What Everyone Needs to Know about Central America in an Age of Deportation, Part 2: Views from the United States

AHA Session 239
Saturday, January 5, 2019: 3:30 PM-5:00 PM
Crystal Room (Palmer House Hilton, Third Floor)
Laura Matthew, Marquette University
Nathan Ellstrand, Loyola University Chicago
Sergio M. González, Marquette University
Julian Lim, Arizona State University
Andrae Marak, Governors State University

Session Abstract

U.S. support of Central American counterinsurgencies during the Cold War produced the first waves of Central American migration to the United States. In the 2000s, popular awareness of the region in the U.S. receded. At the same time, the Central American population in the U.S. grew tenfold, mostly coming from the "Northern Triangle" of Guatemala, El Salvador, and Honduras. Central Americans have returned to public view as child migrants, workers, victims of crime, gang members, targets of deportation, and families with generational roots in the U.S. We urgently need to consider Central America in the current context of racialization, special relationships, legacies of violence, and surveillance in the U.S.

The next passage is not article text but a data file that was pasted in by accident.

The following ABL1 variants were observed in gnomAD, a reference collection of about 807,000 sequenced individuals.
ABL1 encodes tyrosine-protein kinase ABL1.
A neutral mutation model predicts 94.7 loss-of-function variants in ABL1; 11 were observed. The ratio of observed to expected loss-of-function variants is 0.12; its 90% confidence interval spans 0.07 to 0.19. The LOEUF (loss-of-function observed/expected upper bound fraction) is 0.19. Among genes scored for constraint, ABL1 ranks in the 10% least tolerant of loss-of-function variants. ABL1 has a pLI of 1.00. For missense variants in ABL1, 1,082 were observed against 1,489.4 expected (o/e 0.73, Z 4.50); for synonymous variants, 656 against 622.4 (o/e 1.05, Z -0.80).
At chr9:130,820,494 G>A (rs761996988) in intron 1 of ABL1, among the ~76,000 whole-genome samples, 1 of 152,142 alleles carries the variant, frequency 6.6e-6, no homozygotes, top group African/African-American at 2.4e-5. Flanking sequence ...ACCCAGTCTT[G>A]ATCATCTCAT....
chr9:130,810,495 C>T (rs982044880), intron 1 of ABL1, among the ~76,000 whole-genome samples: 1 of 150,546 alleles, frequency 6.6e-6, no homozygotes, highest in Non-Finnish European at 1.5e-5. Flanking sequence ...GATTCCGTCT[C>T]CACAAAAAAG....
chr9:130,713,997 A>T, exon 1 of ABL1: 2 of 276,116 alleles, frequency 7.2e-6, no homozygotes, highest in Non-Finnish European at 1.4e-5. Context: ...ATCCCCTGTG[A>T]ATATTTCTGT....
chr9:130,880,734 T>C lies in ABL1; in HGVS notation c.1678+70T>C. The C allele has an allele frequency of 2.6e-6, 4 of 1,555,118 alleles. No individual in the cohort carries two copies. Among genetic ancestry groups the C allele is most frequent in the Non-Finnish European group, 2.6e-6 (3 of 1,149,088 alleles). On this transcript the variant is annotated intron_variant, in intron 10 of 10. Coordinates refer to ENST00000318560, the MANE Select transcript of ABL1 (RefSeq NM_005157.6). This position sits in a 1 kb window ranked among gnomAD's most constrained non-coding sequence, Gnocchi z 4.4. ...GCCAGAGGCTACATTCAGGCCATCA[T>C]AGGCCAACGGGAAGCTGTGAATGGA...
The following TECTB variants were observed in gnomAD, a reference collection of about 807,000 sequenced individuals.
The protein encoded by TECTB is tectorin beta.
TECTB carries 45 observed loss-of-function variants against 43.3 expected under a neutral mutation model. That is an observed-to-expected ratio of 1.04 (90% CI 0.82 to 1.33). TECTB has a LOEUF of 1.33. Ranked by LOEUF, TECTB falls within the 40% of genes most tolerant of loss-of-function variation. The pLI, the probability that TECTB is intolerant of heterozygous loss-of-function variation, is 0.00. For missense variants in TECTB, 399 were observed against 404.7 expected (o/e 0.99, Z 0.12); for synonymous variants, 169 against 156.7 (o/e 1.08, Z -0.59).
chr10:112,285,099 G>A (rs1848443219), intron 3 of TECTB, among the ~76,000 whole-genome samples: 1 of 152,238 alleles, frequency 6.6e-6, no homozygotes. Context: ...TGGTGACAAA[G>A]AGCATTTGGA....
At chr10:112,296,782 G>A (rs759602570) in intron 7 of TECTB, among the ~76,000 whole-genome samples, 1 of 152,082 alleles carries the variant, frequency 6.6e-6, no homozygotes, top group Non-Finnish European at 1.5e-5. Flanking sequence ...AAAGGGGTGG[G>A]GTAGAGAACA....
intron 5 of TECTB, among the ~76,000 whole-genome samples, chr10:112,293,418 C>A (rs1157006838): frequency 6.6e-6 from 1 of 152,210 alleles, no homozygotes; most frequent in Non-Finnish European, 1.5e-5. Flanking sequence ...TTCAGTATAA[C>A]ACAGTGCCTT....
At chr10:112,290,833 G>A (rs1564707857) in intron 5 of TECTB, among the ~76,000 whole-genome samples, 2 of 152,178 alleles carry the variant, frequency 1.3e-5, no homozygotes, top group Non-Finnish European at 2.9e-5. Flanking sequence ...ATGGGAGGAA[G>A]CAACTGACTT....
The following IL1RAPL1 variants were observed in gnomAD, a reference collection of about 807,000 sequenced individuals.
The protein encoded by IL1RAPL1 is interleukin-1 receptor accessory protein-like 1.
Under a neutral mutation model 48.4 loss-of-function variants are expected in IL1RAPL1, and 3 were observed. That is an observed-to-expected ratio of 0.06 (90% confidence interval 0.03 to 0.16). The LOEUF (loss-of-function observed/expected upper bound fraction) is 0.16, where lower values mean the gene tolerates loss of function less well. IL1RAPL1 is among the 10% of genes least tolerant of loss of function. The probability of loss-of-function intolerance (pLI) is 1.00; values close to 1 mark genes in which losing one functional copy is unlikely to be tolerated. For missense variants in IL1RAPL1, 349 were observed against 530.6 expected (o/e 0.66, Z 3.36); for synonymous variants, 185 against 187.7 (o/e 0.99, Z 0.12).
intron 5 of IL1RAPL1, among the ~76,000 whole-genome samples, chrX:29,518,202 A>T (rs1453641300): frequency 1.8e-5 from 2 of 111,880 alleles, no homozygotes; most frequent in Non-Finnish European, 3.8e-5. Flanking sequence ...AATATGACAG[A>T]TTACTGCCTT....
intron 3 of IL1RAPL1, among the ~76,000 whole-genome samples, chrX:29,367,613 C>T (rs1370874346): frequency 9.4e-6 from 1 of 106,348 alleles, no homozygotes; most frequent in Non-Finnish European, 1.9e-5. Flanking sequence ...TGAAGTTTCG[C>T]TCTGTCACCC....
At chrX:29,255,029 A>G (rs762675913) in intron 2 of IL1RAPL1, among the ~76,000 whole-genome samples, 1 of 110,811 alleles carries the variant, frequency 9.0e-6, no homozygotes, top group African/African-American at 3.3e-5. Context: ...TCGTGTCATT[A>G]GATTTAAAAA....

In Part 2, "Views from the United States", historians of the United States consider how to fit Central America(ns) into existing narratives of U.S. immigration, US-Mexican transnational and borderlands history, and Latinx history. The southern border has constituted a Native ground, a crossing place for immigrants not just from Mexico but also from other parts of Latin America and the world, a transnational community, and a regulated landscape. Latinx history has been dominated by Mexico on the one hand and the Caribbean on the other. Where does this leave Central Americans, and what do U.S. historians need to know about Central America?